a fresh way to taco – salmon, rainbow chard, fennel, pumpkin seed tacos

DSC_0710I didn’t know that taco night was a thing until I moved to California. Now I’m a convert. Mostly because having tacos for dinner means I can throw a few leftovers, something fresh and lots of healthy veggies onto the table and my boys will make their own dinner. It is a very sociable way to eat and allows people with varying dietary needs to eat together easily.

Avocados are the gateway drug that get my boys into other veggies so I always include them. We often have salmon but last night I added rainbow chard, shredded fennel and toasted pumpkin seeds to the mix. Everything was gobbled up.

My littlest had picked the rainbow chard at the farmers market. The deal is that when we go to the market they each get $5 and a shopping bag and they must buy something they’ve never tried before. They have to ask the stall holder for it, pay, get their change and say thank you. It is a lovely way to get small children involved in what they are eating. And it helps them practice their counting and manners too. As they get older I hope they can chat to the farmers a bit more to understand how their purchase was grown.

Below are all the instructions for you to replicate this feast at home. If tacos aren’t your thing, the veggies work well as a side dish for anything you’re eating. This mixture of goodies also works well with roast chicken or with grilled prawns.

And while we’re on the subject, here is another of my taco night recipes.

Ingredients (serves 4)

a piece of wild salmon – I always buy mine frozen from Trader Joe’s and defrost it for a couple of hours before cooking it

2 limes, soak them in hot water for a couple of minutes to remove the wax

2 ripe avocados

1 bulb fennel

1 bundle of rainbow chard – or you can use kale, regular chard or spinach

1 pack organic corn tortillas (that way you know you aren’t eating gmo corn). Or you could make my buckwheat tortillas

1 teaspoon garlic oil or 1 teaspoon olive oil and a clove of chopped garlic

a few tablespoons of pumpkin seeds

1 handful of fresh coriander [cilantro]

Maldon salt

Hot sauce or Sriracha to serve

Equipment:

4 small bowls to serve

2 plates to serve

Frying pans – I use my beloved Scanpans

Citrus squeezer and Microplane fine zester

Flipper(fish slice)

Knife and cutting board

Metal tongs 

To make:

1.Wash all your veggies then chop your still-damp chard into pieces – gather the bundle together then, starting at the stalks, chop the stalk into 2 inch lengths then as I get towards the leaves I chop them into 1 inch strips (see photo)

IMG_7463

2. Heat your frying pan on a high heat and add your garlic oil or your oil and chopped garlic then add your chard. The water that is clinging to the leaves will help it wilt. Stir it every minute with your tongs to make sure it cooks evenly. It should be nicely wilted in about 3 minutes. Add some Maldon salt and a teaspoon of red wine vinegar and stir. Taste and adjust the flavour then scrape into a bowl and set aside. Return the empty pan to the heat.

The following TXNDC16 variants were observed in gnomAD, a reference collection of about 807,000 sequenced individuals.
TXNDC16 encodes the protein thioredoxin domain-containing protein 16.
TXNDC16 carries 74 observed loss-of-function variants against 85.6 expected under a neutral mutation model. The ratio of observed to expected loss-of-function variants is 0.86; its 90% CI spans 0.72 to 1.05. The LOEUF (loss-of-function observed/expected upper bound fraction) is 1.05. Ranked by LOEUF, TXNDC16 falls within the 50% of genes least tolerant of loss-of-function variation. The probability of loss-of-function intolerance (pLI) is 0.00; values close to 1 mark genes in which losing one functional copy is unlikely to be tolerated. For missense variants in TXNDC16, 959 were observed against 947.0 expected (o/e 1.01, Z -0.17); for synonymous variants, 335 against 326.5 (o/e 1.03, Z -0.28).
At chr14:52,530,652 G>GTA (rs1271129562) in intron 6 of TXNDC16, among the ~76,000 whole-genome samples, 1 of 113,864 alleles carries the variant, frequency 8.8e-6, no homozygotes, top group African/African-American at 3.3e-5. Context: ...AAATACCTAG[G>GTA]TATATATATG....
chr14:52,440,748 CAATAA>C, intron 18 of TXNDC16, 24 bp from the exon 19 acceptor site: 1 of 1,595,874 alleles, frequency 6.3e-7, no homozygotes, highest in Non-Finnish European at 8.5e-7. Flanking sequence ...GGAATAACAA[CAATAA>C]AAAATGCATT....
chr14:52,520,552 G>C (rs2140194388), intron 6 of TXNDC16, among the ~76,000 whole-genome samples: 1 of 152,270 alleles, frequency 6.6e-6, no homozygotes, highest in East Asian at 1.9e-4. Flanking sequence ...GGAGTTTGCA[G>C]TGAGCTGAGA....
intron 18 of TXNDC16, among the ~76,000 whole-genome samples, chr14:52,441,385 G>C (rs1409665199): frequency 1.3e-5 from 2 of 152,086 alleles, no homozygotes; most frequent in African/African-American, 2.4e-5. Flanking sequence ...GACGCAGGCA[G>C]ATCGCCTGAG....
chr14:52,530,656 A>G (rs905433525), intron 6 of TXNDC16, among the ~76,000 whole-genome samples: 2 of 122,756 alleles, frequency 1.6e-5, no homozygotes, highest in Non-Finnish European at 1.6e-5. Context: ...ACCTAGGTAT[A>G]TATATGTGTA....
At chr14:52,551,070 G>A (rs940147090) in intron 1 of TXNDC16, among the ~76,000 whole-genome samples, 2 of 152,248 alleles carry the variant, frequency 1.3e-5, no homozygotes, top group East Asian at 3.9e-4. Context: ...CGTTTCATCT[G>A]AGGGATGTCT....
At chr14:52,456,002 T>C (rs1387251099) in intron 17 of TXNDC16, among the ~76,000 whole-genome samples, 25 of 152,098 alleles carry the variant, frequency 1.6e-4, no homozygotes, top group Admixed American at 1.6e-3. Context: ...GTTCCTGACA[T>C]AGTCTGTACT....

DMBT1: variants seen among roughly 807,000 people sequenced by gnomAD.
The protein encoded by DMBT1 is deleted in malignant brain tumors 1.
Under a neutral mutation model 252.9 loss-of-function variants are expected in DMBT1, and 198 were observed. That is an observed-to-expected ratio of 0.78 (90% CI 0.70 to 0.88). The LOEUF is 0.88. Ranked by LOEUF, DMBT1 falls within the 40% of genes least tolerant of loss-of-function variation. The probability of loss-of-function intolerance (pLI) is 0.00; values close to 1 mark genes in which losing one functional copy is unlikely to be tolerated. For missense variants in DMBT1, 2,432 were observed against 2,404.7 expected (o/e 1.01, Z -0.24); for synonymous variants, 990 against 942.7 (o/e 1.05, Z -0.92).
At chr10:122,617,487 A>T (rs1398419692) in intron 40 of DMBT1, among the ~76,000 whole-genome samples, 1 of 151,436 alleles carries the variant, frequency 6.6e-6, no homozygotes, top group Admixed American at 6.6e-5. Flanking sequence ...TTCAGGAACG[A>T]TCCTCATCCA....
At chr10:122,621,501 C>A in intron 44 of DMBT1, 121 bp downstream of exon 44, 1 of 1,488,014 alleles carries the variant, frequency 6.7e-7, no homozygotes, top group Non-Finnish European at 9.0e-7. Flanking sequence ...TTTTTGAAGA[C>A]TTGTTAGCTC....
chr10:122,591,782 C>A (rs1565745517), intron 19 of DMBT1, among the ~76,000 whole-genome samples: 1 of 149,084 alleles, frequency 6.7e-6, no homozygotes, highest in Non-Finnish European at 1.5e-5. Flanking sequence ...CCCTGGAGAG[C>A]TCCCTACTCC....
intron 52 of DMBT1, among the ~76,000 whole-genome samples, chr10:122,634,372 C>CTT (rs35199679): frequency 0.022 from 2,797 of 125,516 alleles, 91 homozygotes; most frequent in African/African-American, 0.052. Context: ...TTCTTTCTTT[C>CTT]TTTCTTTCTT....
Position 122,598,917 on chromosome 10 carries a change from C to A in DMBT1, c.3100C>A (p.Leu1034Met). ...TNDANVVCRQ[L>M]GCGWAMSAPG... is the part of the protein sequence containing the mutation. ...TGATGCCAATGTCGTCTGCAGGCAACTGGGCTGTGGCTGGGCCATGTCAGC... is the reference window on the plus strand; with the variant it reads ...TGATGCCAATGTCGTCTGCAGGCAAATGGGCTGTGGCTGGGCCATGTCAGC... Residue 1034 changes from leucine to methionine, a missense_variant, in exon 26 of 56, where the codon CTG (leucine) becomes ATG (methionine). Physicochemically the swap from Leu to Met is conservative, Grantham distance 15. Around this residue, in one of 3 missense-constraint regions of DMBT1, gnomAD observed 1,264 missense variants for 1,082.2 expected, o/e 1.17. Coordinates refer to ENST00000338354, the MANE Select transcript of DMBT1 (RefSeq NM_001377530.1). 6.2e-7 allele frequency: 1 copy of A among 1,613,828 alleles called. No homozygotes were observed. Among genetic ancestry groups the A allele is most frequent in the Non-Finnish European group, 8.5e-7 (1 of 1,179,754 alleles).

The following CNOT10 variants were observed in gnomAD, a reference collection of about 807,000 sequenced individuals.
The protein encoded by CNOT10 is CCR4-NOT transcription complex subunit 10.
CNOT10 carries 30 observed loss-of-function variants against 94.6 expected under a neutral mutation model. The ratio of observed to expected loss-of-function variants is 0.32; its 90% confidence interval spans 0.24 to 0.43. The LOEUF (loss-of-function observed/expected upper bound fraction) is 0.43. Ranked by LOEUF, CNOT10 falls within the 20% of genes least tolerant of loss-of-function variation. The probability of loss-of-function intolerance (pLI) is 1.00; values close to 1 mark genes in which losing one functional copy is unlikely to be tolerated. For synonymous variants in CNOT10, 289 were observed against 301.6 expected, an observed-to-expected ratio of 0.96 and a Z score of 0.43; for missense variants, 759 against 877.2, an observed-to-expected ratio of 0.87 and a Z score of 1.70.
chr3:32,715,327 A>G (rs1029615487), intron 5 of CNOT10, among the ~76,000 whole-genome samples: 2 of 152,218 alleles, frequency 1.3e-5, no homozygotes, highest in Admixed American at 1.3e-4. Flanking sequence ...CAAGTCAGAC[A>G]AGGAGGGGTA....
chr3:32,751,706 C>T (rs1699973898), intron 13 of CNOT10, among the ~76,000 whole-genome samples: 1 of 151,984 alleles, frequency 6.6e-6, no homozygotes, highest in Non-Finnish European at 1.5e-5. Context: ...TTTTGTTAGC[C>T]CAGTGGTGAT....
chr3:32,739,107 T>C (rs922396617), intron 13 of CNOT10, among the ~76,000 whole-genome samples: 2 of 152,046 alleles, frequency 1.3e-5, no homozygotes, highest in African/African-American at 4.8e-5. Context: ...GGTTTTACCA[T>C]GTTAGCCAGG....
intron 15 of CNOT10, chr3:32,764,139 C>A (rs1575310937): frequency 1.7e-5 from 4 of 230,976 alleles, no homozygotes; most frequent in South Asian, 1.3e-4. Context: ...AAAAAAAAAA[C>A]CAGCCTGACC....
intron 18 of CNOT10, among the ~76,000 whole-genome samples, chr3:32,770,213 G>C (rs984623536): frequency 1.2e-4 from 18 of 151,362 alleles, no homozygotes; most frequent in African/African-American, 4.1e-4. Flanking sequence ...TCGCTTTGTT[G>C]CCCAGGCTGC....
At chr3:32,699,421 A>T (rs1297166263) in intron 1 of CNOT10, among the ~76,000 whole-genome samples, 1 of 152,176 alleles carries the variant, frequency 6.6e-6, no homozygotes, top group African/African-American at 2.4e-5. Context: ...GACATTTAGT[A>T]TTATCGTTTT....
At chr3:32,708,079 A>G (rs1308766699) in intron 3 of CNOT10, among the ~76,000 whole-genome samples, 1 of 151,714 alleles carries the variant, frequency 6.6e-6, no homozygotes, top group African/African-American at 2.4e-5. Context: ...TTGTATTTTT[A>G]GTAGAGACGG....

DSC_0705

3. Rub the outside of your salmon with a little olive oil and sprinkle it with salt then place it into your pan. You want to hear it sizzzle. Depending on thickness of your salmon and how pink you like the middle it will take between 6-8 minutes to cook on a high heat. Don’t move it for 4 minutes then use a fish slice or spatula to flip it over and cook the other side.

4. While your salmon cooks, start heating your tortillas in a dry frying pan.You’ll need to do this in batches. Once they’re warmed, pop them on a plate and cover them with a tea towel to keep them warm.

5. De-stone your avocado and chop it into slices. Pop the slices in a bowl with a sprinkle of Maldon salt. Top with a squeeze of lime (about half a lime).DSC_0703

6. Chop your fennel into fine slices and put them into a small bowl. Keep the fronds and toss them with the sliced fennel, a pinch of salt and the zest and juice of half a lime.

DSC_0707

7. Chop your coriander [cilantro] and put it onto a plate along with a lime, cut into quarters.

8. By now your salmon should be ready. If in doubt, cut it in half and check how pink it is in the middle. Take it out of the pan and put it onto the plate with the lime and coriander.

DSC_0713

9. Pop your pumpkin seeds into the salmon pan to warm a little while you take everything to the table. I gently use a fork to flake the salmon into big chunks – much nicer than chopping it.

DSC_0710

10. I like to assemble my taco by spreading a little avocado on the tortilla, then topping it with some of the fennel, some chard, a sprinkle of cilantro and seeds and a chunk of salmon. I always dribble a little hot sauce or Sriracha on mine and a squeeze of lime is key. Then fold that baby up and apply to face.

Remember to share this on my Facebook, Instagram, Twitter or Pinterest when you make it. Tag it #ystcook so I can see!

DSC_0719

 

Advertisements

Leave a Reply

Fill in your details below or click an icon to log in:

WordPress.com Logo

You are commenting using your WordPress.com account. Log Out / Change )

Twitter picture

You are commenting using your Twitter account. Log Out / Change )

Facebook photo

You are commenting using your Facebook account. Log Out / Change )

Google+ photo

You are commenting using your Google+ account. Log Out / Change )

Connecting to %s